It would be wrong to praise the Dutchman’s prolific record of 19 league goals without paying due respect to the role Rooney plays behind him. The combination of the two individuals is what has brought Manchester United such a strong attacking threat that has seen them almost already have two hands on the league title in a division where scoring has been the name of the game this year.
Of course, the England man is not the perfect footballer, which is why he’s rarely discussed in the same breath as Cristiano Ronaldo or Lionel Messi, or even Andres Iniesta and Xavi. He often misplaces seemingly simple passes that United and England fans have found incredibly frustrating, and there are constant concerns over the forward’s fitness. He’s allegedly been caught smoking, and anyone can tell from a simple glance at Rooney that the favoured section of his fridge is not the vegetable draw.
But these have all been problems the England man has always suffered from, and it has never stood in the way of the club’s four Premier League titles, two League Cups and Champions League trophy won while Rooney has played an integral role in the side. Furthermore, at the age of 27, he still has at least three years of playing at his footballing peak ahead of him, and if he is to follow the lead of the likes of Giggs and Scholes, his talent will extend his playing years until his mid-thirties.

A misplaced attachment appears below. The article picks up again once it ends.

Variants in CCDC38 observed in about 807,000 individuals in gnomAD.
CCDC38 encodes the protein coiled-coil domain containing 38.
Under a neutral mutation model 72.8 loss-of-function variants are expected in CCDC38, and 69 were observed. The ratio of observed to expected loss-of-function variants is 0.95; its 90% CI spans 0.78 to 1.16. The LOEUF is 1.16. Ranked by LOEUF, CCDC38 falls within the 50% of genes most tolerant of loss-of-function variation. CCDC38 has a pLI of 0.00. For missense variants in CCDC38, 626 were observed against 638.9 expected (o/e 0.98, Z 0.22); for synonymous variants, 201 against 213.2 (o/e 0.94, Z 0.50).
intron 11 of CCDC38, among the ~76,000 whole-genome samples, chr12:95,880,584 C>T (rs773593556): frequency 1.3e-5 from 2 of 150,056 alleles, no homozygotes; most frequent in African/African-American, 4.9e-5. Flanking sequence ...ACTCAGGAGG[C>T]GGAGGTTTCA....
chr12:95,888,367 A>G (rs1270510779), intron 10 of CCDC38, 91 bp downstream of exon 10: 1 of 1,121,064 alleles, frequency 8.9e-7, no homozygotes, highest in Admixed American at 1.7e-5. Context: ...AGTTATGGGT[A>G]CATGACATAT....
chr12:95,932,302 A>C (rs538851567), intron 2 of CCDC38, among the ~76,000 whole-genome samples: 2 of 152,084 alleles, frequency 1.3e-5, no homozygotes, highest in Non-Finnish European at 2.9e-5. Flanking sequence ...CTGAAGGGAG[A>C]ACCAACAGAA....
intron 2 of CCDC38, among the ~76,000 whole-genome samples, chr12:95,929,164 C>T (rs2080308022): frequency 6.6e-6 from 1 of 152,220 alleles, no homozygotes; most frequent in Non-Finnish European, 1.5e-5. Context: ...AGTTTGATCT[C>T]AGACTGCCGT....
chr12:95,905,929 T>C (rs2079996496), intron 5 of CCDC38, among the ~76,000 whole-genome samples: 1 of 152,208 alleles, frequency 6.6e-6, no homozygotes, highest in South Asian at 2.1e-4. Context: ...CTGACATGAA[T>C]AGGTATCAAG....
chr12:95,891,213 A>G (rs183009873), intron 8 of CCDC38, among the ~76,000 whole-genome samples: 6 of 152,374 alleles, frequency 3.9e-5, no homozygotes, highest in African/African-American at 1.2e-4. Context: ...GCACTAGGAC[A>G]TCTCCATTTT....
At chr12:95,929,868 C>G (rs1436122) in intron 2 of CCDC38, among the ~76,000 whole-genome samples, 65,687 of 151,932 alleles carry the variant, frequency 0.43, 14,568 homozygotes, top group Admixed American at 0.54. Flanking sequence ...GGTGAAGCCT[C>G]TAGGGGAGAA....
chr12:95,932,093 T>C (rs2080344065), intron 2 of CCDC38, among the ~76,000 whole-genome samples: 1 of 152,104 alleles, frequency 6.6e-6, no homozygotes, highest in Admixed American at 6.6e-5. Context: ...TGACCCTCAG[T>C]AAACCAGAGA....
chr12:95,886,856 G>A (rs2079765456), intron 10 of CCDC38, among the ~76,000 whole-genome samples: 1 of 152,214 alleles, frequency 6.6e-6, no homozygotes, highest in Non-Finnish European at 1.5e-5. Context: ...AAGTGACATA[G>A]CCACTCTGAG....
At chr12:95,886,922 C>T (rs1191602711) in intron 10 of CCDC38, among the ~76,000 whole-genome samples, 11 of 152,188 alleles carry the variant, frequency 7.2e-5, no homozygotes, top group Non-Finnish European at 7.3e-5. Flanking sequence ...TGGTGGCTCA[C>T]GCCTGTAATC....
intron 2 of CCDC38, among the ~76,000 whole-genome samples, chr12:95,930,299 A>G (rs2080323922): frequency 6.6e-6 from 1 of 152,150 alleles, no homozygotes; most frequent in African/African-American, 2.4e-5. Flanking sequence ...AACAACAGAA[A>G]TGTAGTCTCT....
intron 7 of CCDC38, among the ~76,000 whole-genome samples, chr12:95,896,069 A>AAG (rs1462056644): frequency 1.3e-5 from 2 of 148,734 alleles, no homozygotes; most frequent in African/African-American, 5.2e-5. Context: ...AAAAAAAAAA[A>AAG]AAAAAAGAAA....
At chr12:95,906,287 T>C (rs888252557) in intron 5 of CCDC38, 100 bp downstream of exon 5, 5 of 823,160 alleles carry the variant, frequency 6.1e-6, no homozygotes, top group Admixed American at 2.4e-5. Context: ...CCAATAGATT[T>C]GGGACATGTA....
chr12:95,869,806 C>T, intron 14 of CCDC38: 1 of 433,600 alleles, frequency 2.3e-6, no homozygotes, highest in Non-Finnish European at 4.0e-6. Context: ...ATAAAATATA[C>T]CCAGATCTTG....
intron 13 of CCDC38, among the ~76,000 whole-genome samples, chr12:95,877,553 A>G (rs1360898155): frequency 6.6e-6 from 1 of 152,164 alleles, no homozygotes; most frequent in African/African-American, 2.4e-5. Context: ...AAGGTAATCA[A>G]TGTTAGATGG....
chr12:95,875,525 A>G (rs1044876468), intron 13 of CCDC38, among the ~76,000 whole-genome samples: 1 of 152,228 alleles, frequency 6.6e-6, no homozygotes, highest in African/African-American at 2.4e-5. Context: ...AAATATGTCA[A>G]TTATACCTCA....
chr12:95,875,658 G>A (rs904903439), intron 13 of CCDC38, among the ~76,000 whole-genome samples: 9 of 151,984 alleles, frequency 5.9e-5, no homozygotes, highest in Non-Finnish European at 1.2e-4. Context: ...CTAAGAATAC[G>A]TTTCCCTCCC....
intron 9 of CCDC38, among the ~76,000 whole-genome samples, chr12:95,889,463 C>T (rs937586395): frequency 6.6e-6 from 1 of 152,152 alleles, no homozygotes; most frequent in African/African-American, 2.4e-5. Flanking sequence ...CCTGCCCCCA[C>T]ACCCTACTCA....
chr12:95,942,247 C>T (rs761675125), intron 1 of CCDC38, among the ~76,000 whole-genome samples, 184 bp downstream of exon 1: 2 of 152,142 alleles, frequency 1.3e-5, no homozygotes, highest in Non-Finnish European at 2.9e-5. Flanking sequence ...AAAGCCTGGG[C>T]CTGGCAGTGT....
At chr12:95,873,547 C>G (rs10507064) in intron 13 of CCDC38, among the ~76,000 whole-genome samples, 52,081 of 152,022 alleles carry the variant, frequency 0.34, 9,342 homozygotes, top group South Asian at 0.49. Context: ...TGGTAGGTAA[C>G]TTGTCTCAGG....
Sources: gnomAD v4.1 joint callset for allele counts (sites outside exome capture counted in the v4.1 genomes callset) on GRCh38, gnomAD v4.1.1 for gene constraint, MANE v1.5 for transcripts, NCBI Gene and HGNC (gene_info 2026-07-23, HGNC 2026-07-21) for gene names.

The decision to bench Rooney on the part of Sir Alex Ferguson is being inflated out of proportion. The tactics and selection for the contest with Real Madrid will have been months in the planning, and United’s clash with Chelsea in the quarter finals of the FA Cup on Sunday has been overlooked as a factor for Rooney’s limited involvement. Instead of simply criticising Ferguson for leaving out his star player, the media are looking for a grand master-plan or ulterior motive.
I seriously doubt that Sir Alex Ferguson will axe his star player in the summer; he has been the focal point between defence and attack this season, playing a vital role in supporting the midfield and also providing a supply line for van Persie. The United team has been shaped around him for many years, and now that Fergie is reaping the benefits while bringing through a new generation of talent to fit the mould, it seems illogical to decide now is the time for such a drastic change of heart.
Red Devils fans and England fans may enjoy moaning about him – his pot belly, his sloppy passing and his lacklustre performances on international duty – but they will certainly miss him when he’s gone.